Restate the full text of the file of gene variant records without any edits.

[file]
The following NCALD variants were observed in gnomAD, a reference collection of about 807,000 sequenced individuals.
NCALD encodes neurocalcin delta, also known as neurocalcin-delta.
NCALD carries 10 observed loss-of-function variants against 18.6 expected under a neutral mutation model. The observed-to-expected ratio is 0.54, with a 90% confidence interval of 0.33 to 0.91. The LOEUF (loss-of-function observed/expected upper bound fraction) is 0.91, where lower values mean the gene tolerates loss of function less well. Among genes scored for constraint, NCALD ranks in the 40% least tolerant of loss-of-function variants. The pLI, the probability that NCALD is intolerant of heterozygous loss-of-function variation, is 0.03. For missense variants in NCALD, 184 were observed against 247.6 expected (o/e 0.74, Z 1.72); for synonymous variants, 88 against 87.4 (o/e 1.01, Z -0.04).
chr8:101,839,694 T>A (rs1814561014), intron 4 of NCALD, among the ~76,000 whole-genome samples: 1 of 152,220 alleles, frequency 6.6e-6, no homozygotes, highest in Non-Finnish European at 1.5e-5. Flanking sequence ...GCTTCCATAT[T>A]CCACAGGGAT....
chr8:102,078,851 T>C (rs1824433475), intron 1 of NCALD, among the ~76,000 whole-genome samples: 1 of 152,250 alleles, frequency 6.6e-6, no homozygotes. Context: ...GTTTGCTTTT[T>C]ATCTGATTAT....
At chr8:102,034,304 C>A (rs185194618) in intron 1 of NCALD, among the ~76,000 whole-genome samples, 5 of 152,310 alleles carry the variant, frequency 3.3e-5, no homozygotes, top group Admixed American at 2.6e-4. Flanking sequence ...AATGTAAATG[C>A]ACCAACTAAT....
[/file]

The following NCALD variants were observed in gnomAD, a reference collection of about 807,000 sequenced individuals.
NCALD encodes neurocalcin delta, also known as neurocalcin-delta.
NCALD carries 10 observed loss-of-function variants against 18.6 expected under a neutral mutation model. The observed-to-expected ratio is 0.54, with a 90% confidence interval of 0.33 to 0.91. The LOEUF (loss-of-function observed/expected upper bound fraction) is 0.91, where lower values mean the gene tolerates loss of function less well. Among genes scored for constraint, NCALD ranks in the 40% least tolerant of loss-of-function variants. The pLI, the probability that NCALD is intolerant of heterozygous loss-of-function variation, is 0.03. For missense variants in NCALD, 184 were observed against 247.6 expected (o/e 0.74, Z 1.72); for synonymous variants, 88 against 87.4 (o/e 1.01, Z -0.04).
chr8:101,839,694 T>A (rs1814561014), intron 4 of NCALD, among the ~76,000 whole-genome samples: 1 of 152,220 alleles, frequency 6.6e-6, no homozygotes, highest in Non-Finnish European at 1.5e-5. Flanking sequence ...GCTTCCATAT[T>A]CCACAGGGAT....
chr8:102,078,851 T>C (rs1824433475), intron 1 of NCALD, among the ~76,000 whole-genome samples: 1 of 152,250 alleles, frequency 6.6e-6, no homozygotes. Context: ...GTTTGCTTTT[T>C]ATCTGATTAT....
At chr8:102,034,304 C>A (rs185194618) in intron 1 of NCALD, among the ~76,000 whole-genome samples, 5 of 152,310 alleles carry the variant, frequency 3.3e-5, no homozygotes, top group Admixed American at 2.6e-4. Flanking sequence ...AATGTAAATG[C>A]ACCAACTAAT....